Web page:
“Voting is a really important right and privilege and not just something that’s about politics but about moral and faith based choices that we make.” — Rabbi Marc Soloway
On Wednesday October 26th, a group of faith leaders from a variety of religions gathered at the Boulder County Clerk and Recorders Office to bless the ballots, to cast their own ballots and to encourage people of religious faith to vote.
Ministers from the Unitarian Universalist Church of Boulder, the Lutheran Church, the Disciples of Christ, the Presbyterian church, UCC, the Episcopalian church joined a Buddhist minister from Naropa, and a Jewish rabbi in the interfaith event organized by Together Colorado.
Rev. Thandiwe Dale-Ferguson, Associate Minister at the Cairn Christian Church in Lafayette told KGNU’s Kim Poletti that they were trying to encourage people in the wider community to vote “we really believe that casting our votes is a way of expressing ourselves and raising our voices and there is great power in that.”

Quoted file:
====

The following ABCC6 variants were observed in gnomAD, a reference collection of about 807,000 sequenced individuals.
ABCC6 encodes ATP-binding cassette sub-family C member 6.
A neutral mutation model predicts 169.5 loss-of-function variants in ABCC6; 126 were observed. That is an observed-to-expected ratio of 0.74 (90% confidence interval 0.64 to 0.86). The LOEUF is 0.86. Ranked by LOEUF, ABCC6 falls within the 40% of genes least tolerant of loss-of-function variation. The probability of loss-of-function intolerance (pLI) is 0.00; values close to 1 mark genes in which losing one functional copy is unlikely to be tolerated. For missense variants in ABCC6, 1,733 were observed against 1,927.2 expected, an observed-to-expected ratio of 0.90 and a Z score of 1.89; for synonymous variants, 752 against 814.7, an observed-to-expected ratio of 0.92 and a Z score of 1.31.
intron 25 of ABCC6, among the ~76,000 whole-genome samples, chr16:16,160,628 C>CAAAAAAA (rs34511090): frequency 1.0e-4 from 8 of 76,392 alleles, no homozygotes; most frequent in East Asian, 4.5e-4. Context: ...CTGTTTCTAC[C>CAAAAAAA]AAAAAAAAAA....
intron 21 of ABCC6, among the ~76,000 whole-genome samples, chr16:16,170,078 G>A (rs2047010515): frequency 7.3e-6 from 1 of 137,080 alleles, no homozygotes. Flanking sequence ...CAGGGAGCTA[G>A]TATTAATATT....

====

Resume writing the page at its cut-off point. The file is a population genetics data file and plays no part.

Dale-Ferguson says that voting is one of the ways that power gets distributed and that is how things can become more equal in society. “There is the sense that when too few people hold power, that injustice and unfairness and a lot of problems follow. And one of the ways that too few people hold power is when not enough people vote.”
Amendment T, the state-wide ballot measure to remove language around slavery from the state’s constitution, and Amendment 70, the state-wide measure to raise the minimum wage, were measures identified by the faith leaders as being moral issues in this years election.
Rabbi Marc Soloway of Congregation Bonai Shalom in Boulder says voting is a moral issue for people of faith. “Voting is a really important right and privilege and not just something that’s about politics but about moral and faith based choices that we make.”
This is Soloway’s first year voting in an American election, having just become a US citizen last December. “It feels like an amazing moment to be here and to cast my vote in this way with the support and embrace of colleagues from across different faith traditions.”